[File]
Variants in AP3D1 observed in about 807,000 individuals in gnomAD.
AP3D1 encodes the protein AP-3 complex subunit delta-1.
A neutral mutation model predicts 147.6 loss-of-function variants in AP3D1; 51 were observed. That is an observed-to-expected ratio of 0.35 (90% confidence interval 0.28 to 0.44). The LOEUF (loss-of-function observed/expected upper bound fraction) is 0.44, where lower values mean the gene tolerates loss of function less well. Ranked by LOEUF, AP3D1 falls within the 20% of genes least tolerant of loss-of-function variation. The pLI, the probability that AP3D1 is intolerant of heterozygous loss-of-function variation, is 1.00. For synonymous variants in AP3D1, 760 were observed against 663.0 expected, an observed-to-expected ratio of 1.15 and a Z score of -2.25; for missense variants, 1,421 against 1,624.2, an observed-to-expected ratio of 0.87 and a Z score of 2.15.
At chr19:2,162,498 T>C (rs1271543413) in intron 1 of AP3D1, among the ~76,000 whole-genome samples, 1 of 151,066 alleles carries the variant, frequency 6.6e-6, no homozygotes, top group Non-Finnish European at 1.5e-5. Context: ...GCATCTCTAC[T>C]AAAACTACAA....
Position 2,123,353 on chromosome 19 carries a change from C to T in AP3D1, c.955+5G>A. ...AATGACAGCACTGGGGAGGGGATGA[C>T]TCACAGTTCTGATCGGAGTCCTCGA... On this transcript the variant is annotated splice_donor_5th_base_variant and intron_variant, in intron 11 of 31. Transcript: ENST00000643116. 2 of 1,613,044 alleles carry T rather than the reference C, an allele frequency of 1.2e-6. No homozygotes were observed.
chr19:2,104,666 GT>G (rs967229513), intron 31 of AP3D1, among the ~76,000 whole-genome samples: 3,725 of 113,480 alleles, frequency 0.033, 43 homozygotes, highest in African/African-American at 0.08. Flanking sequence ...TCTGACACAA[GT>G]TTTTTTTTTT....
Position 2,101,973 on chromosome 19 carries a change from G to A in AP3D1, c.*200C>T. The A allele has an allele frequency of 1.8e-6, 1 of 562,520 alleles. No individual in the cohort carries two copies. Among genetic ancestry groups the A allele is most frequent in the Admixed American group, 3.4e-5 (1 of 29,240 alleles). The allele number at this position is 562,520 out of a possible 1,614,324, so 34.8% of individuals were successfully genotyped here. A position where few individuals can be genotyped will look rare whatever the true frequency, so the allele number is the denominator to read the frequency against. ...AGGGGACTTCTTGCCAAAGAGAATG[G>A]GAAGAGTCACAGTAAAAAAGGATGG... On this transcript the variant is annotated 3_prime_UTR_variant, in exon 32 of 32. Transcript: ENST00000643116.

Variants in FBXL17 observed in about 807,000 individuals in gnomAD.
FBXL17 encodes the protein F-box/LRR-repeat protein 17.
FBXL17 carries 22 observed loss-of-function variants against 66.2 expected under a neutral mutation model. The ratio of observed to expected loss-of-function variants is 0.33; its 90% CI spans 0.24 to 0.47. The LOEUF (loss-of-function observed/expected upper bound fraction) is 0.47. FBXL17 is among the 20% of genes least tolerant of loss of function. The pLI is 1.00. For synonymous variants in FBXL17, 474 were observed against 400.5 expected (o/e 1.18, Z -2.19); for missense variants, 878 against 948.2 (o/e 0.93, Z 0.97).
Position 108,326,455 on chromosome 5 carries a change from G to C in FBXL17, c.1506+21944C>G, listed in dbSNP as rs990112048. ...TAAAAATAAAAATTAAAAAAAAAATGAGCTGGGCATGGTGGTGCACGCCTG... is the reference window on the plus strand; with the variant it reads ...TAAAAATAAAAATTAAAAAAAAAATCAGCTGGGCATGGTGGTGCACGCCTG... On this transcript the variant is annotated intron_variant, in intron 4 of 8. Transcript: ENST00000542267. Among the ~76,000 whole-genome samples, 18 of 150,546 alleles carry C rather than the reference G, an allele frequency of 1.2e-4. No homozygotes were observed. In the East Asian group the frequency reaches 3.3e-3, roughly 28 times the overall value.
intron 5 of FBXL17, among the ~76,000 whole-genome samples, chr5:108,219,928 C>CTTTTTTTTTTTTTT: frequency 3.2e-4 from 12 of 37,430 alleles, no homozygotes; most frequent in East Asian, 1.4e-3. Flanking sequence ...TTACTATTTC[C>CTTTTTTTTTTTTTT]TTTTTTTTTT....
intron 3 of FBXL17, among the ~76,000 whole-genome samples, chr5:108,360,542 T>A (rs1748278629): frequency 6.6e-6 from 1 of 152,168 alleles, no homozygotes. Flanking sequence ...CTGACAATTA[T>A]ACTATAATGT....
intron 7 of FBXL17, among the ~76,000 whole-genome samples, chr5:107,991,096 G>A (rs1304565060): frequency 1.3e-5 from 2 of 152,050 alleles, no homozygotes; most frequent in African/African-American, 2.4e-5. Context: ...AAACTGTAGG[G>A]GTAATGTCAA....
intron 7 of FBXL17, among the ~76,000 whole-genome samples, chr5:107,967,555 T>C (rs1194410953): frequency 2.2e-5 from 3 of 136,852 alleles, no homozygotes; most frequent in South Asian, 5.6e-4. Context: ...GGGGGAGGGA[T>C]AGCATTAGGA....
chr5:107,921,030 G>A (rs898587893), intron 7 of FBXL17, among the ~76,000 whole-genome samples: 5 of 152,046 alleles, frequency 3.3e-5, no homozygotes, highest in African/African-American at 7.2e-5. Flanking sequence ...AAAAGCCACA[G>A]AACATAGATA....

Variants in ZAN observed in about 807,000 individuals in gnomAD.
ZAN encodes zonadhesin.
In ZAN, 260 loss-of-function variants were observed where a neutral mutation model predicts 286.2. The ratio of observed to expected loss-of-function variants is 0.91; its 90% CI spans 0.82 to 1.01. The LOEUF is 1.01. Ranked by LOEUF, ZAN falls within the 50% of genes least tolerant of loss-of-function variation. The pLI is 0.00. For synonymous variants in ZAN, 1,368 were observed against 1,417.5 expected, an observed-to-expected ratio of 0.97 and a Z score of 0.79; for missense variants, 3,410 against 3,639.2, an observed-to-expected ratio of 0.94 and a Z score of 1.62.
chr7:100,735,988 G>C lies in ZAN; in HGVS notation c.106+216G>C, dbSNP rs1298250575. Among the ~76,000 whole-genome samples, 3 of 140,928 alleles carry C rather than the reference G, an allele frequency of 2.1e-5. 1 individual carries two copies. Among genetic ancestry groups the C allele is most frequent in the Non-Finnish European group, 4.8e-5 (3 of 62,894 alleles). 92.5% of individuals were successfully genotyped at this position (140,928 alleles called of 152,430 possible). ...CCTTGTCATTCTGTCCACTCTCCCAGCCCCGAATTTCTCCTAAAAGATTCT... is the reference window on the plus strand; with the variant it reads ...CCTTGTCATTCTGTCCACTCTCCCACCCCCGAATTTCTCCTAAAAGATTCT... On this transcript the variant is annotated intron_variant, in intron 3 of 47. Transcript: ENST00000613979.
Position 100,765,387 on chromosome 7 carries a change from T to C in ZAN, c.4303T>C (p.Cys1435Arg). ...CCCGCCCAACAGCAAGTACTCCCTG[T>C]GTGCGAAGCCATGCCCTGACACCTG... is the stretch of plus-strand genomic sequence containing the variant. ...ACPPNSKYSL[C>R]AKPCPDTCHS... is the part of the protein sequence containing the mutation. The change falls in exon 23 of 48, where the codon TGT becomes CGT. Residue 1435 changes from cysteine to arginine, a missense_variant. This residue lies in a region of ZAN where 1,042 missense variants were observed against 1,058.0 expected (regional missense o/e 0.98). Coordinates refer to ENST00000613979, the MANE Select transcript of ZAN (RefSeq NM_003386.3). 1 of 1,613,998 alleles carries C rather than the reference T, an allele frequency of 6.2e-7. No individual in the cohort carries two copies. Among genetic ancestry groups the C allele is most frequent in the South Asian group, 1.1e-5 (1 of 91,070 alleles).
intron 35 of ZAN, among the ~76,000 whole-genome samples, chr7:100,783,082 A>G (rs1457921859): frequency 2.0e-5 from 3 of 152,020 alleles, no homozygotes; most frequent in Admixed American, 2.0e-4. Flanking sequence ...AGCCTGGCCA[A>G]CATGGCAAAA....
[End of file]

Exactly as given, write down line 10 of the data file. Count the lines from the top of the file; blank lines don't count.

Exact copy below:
FBXL17 carries 22 observed loss-of-function variants against 66.2 expected under a neutral mutation model. The ratio of observed to expected loss-of-function variants is 0.33; its 90% CI spans 0.24 to 0.47. The LOEUF (loss-of-function observed/expected upper bound fraction) is 0.47. FBXL17 is among the 20% of genes least tolerant of loss of function. The pLI is 1.00. For synonymous variants in FBXL17, 474 were observed against 400.5 expected (o/e 1.18, Z -2.19); for missense variants, 878 against 948.2 (o/e 0.93, Z 0.97).